Well, it's that time of year again—late September/early October—and the beetle Sandalus niger makes its only annual appearance anywhere near where we humans are likely to observe it. The genus itself is the only North American member of the family Rhipiceridae (Dascilloidea), with 5 species known from across the continent. Their adult life is ephemeral (3 days at most), and consequently they are seldom seen.
Female S. niger are largish, clumsy insects, about an inch in length, with a pleasing dark mahogany color. The well-flying males are half the females' size and more oblong in outline, possessing beautifully pectinate antennae. Both genders are only active on sunny autumnal afternoons when the temperature exceeds 15°C—gravid females sit on tree boles (most frequently those of elms) without movement, awaiting buzzing clusters of paramours attracted by pheromonal broadcasts.
Once a female is inseminated (often more than once), she slowly ascends the trunk, probing the substrate with her ovipositor, sometimes climbing to a height of 10 meters or more before laying her eggs in gaps or holes in the elm-bark. Why elm? It is a popular food tree of the dog-day cicada Tibicen pruinosa (Cicadidae): and it so happens that S. niger (and by extension all rhipicerids) are parasitoids of juvenile cicadas. Many of the eggs (which occur in cumuli) are washed away by rain; this is compensated for by the quantities in which they are laid: one brood numbered 16,864.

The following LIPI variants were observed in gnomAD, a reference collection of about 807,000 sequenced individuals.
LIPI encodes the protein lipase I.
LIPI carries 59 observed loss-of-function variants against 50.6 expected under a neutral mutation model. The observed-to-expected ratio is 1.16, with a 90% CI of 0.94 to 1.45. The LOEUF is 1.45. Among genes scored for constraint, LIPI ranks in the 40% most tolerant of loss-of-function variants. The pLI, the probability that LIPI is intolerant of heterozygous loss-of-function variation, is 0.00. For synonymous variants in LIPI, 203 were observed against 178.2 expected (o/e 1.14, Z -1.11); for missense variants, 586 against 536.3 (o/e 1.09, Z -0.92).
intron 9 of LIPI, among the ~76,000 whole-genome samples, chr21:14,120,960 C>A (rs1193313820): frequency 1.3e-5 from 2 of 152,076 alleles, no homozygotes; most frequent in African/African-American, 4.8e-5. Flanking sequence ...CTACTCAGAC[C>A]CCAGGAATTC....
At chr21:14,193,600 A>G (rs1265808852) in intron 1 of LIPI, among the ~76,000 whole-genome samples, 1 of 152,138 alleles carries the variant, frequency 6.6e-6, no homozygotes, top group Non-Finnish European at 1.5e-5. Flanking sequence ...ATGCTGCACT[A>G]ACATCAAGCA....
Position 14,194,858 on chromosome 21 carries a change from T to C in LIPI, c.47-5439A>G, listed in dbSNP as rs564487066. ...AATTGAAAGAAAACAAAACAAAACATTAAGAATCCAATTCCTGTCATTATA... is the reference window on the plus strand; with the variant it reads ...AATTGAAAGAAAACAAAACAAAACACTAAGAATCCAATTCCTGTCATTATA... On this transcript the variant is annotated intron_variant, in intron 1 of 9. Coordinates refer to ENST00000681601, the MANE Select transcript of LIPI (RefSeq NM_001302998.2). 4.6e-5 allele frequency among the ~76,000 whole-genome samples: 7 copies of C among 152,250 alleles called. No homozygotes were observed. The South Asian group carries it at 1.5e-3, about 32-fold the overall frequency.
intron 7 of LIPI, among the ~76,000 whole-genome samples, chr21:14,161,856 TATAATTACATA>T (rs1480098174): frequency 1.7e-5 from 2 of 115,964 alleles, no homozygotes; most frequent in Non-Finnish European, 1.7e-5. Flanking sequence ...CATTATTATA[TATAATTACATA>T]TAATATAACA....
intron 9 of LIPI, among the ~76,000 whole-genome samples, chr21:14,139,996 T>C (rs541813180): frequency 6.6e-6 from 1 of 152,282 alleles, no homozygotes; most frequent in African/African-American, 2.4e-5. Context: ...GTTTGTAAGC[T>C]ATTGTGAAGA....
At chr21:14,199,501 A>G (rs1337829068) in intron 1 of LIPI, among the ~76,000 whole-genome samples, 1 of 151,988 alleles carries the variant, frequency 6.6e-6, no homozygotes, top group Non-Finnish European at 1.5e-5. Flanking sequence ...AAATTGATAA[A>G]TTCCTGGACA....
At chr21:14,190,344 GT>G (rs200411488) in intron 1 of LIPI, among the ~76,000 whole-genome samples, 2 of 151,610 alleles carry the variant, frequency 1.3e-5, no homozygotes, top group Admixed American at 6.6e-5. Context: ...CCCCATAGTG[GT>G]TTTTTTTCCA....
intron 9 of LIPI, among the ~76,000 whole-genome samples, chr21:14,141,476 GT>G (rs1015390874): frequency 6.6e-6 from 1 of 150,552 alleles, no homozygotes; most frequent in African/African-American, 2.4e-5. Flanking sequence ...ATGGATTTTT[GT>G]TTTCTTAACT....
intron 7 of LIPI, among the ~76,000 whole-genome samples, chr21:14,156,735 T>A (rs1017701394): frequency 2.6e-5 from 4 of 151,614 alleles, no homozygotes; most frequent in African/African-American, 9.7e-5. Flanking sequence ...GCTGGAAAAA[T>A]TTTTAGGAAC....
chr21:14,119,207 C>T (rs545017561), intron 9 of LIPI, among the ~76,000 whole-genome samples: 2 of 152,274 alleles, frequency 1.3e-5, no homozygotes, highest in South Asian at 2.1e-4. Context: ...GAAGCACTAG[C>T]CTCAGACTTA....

Only the first instar larvae of S. niger have been studied by science: they are miniscule, swift triungulins, apparently adapted for promptly seeking out their nymphal hosts. But aside from an empty pupa that was found within a cicada's exuvium, the ontogeny of this distinctive species remains a mystery.
Elzinga, R. J. (1977). Observations on Sandalus niger Knoch (Coleoptera: Sandalidae) With a Description of the Triungulin Larva. Journal of the Kansas Entomological Society, 50(3), 324-328. Retrieved 8/7/13 from http://www.jstor.org/stable/25082945?seq=4